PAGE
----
There is a saying in sales, “the fortune is in the follow up” and it’s true. I have had people actually thank me for consistently following up with them during a sales process because while they might need and want your service, they often have many other things pulling at them for their attention.

If you keep your message in front of them (without being obnoxious), you will often see more people move through your pipeline resulting in an increase in sales.


Patrick Sprouse

Patrick SprousePatrick Sprouse is the Director of Sale and Operations for Urban Igloo, a real estate start-up founded in Washington, DC. He has been in organizational and sales management since 2000, starting in Washington, DC and recently in Houston, Texas. He’s led successful sales teams of over 200 agents and brokers, and is currently excited to be part of a new, young, growing company where he can see his experience and knowledge make direct impacts every day.

The biggest mistake organizations make with sales funnel management is process oriented:

Most organizations have trainings and methods in place, but largely leave it up to their salespeople to manage their own funnel, so long as specific milestones are recorded. This is a big mistake.

It’s not that salespeople shouldn’t have autonomy, they should. But rather most salespeople, even superstars, do not understand that having a logical, repeatable, and observable process is the key to success. And in many cases, that means the organization needs to lay out a process that works, and hold salespeople accountable for following that process and improving upon that process.

Knowing the ‘what’ and the ‘why’ of pipeline management activities is important, and unless a process that is logical, repeatable and observable is in place, most salespeople are just ‘winging it.’ And ‘winging it’ can be directly translated to lost revenue potential, unhappy clients and customers, the ups and downs of a sales cycle (prospecting then clearing the pipeline then back to prospecting).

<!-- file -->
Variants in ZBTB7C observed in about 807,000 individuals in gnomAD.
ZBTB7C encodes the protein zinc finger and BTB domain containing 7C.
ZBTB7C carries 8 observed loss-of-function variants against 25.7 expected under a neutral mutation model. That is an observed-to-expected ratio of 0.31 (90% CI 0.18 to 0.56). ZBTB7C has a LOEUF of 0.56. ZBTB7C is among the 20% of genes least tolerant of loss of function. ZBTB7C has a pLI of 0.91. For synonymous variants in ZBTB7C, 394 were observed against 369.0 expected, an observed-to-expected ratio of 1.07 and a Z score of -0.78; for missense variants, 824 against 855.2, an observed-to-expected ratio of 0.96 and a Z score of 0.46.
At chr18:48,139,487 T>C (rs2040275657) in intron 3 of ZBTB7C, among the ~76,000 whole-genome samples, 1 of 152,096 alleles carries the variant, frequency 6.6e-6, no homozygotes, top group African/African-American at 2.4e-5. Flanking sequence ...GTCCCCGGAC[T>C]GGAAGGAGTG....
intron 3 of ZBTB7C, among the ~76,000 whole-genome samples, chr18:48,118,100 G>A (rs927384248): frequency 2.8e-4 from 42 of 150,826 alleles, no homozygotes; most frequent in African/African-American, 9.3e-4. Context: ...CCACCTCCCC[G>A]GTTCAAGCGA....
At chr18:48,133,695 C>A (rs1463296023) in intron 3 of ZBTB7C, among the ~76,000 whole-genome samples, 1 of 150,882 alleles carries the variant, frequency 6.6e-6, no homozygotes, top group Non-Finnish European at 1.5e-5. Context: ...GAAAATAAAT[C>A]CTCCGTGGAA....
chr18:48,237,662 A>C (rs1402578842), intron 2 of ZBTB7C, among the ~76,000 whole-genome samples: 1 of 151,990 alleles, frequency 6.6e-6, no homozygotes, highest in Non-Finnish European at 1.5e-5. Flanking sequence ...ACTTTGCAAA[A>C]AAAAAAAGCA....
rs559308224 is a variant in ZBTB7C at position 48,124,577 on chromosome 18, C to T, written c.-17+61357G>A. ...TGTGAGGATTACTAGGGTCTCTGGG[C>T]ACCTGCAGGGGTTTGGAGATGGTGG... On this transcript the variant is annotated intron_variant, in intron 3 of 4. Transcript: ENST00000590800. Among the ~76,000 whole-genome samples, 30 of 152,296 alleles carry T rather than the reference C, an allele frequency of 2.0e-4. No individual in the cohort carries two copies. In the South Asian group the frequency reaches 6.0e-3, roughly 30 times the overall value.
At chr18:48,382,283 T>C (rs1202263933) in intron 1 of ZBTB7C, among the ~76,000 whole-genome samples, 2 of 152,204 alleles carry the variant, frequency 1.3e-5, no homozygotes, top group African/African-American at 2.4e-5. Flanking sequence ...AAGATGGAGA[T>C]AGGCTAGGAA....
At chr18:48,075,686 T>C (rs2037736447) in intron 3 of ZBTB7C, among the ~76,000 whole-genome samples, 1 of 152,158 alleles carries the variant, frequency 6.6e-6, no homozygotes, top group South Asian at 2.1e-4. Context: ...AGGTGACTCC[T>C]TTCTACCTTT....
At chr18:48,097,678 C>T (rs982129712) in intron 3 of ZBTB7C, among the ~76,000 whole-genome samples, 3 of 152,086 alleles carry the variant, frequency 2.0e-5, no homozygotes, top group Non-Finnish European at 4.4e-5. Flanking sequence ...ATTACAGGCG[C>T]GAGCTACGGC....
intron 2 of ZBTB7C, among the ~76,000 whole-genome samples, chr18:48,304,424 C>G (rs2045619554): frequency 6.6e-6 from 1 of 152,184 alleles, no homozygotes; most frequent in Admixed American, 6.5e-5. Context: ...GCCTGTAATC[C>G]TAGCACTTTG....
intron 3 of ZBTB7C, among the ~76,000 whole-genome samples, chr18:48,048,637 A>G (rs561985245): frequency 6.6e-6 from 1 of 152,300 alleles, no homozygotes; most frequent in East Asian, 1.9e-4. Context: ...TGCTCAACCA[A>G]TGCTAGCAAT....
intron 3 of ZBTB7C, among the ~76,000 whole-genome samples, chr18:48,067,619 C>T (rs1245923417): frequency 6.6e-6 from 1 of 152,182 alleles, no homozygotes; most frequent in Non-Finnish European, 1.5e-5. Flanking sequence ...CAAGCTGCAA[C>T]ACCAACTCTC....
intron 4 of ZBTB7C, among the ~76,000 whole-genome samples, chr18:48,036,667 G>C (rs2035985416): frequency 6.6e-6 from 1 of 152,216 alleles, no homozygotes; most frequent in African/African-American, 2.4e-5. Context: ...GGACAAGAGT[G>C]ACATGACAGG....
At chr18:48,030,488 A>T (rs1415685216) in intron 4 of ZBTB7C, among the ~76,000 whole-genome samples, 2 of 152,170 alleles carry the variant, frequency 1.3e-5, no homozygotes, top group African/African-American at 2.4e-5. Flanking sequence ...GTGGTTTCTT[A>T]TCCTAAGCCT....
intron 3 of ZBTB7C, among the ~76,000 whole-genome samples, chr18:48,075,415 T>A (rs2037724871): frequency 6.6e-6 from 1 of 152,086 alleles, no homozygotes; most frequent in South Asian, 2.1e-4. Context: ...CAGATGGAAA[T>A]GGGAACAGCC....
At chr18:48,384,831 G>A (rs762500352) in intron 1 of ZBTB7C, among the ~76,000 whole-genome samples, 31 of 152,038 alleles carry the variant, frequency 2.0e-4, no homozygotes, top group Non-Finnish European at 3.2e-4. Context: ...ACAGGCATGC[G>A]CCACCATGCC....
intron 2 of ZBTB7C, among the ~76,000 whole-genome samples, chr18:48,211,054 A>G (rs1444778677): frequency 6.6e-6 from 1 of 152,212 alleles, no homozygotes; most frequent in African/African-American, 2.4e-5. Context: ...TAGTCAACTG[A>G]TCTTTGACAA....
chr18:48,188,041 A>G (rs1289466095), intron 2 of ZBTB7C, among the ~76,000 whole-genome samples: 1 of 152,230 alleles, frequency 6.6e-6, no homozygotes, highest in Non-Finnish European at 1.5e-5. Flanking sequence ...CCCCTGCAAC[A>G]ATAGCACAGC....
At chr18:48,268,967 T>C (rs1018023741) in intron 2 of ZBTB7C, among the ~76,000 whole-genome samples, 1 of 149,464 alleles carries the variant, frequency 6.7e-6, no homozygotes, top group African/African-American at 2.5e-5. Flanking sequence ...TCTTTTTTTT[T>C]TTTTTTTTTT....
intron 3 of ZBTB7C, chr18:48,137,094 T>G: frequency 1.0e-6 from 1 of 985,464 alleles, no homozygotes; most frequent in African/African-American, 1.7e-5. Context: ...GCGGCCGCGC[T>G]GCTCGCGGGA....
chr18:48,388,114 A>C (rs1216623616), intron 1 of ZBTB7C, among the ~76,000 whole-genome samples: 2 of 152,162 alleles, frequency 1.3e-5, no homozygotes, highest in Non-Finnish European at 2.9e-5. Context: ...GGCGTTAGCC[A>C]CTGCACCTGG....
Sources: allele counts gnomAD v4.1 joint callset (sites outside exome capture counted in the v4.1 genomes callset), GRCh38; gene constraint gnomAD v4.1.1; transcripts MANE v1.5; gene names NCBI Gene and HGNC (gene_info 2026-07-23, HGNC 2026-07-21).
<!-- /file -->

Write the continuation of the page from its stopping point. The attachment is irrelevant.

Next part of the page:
This is really a problem of the organization, not the salespeople. Because the organization is not holding the salespeople accountable for having these processes in place and instead trusting the salesperson’s gut or experience, the organization is allowing their team to not optimism the return on all the marketing efforts and brand value that helps fill the funnel; the organization is not only losing deals due to lack of structure, but is also wasting money.


Deborah Schroeder-Saulnier

Deborah Schroeder-SaulnierDeborah Schroeder-Saulnier, D.Mgt. is the Founder and CEO of Excel Leadership Solutions, a global management consulting firm that works collaboratively with business leaders, and a highly sought advisor to senior executives. Leveraging her 25-year career in senior leadership roles, and consulting to business/industry, she partners closely with executives to solve problems, clarify focus, and accelerate the pursuit of critical market, organization, and leadership priorities. She has worked with a number of Fortune 500 companies worldwide, including Boeing, Citigroup, Bunge LTD., Scottrade, Danfoss, IPC-The Hospitalist Company, RGA – Reinsurance Group of America, Scottrade, and World Wide Technology. Deborah’s new book: The Power of Paradox: Harness the Energy of Competing Ideas to Uncover Radically Innovative Solutions, brings a counterintuitive approach to solving problems to help you face chronic challenges with confidence and uncover unexpected and infinitely better solutions.

When it comes to sales funnel management, should you build relationships with prospects or look for smart ways to use social channels for lead conversion? Should you focus on pulling leads through the funnel or flex as prospects enter in at different points in the process. Should we stick with the way we’ve done it before or change our approach? The best answer may be “yes.” Here is my advice for sales funnel management…

  • Sales and marketing.
  • Focused and flexible.
  • Continuity and change.